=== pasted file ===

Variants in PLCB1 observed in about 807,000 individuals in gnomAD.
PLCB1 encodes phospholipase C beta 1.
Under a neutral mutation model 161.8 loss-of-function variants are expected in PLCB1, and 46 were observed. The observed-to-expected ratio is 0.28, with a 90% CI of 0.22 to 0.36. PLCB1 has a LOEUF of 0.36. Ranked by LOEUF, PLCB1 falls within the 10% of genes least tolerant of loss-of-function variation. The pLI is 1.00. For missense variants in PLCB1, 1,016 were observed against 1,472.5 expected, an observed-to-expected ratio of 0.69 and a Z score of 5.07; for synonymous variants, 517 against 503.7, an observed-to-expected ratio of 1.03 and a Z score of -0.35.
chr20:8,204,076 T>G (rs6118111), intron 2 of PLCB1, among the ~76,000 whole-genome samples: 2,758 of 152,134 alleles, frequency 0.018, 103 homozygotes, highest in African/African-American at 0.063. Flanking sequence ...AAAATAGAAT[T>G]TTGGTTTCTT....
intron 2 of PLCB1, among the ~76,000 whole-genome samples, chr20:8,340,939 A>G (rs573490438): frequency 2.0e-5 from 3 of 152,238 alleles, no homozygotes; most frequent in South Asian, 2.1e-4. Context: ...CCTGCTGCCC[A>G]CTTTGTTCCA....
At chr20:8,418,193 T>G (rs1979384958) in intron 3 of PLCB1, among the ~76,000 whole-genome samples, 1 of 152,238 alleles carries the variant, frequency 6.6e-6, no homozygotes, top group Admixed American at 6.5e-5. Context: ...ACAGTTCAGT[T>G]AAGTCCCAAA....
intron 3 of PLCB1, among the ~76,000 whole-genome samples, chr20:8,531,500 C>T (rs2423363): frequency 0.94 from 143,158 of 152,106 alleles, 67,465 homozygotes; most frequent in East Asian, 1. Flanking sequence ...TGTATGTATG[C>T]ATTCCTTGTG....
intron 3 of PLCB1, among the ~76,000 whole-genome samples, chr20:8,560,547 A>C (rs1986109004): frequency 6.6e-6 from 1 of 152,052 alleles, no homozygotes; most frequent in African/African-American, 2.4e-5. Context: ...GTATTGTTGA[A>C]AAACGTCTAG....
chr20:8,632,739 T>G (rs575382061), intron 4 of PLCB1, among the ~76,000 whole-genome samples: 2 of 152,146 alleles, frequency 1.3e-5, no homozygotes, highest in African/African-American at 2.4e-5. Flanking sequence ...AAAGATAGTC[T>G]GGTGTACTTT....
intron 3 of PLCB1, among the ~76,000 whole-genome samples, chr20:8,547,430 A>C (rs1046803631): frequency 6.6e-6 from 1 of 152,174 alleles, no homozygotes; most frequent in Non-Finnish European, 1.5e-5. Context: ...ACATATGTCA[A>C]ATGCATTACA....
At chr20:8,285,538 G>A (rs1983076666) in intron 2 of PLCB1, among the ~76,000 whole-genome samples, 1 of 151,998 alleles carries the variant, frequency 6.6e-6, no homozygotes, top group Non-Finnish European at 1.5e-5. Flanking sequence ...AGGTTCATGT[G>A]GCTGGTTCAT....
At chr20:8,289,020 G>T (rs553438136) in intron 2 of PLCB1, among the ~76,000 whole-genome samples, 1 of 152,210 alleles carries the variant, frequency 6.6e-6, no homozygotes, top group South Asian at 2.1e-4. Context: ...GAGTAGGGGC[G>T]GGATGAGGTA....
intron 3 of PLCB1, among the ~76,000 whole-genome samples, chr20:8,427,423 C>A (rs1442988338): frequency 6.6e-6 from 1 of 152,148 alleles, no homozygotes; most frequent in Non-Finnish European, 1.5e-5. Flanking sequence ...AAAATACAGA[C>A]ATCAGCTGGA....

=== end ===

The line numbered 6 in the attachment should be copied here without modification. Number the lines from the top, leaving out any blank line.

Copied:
At chr20:8,418,193 T>G (rs1979384958) in intron 3 of PLCB1, among the ~76,000 whole-genome samples, 1 of 152,238 alleles carries the variant, frequency 6.6e-6, no homozygotes, top group Admixed American at 6.5e-5. Context: ...ACAGTTCAGT[T>G]AAGTCCCAAA....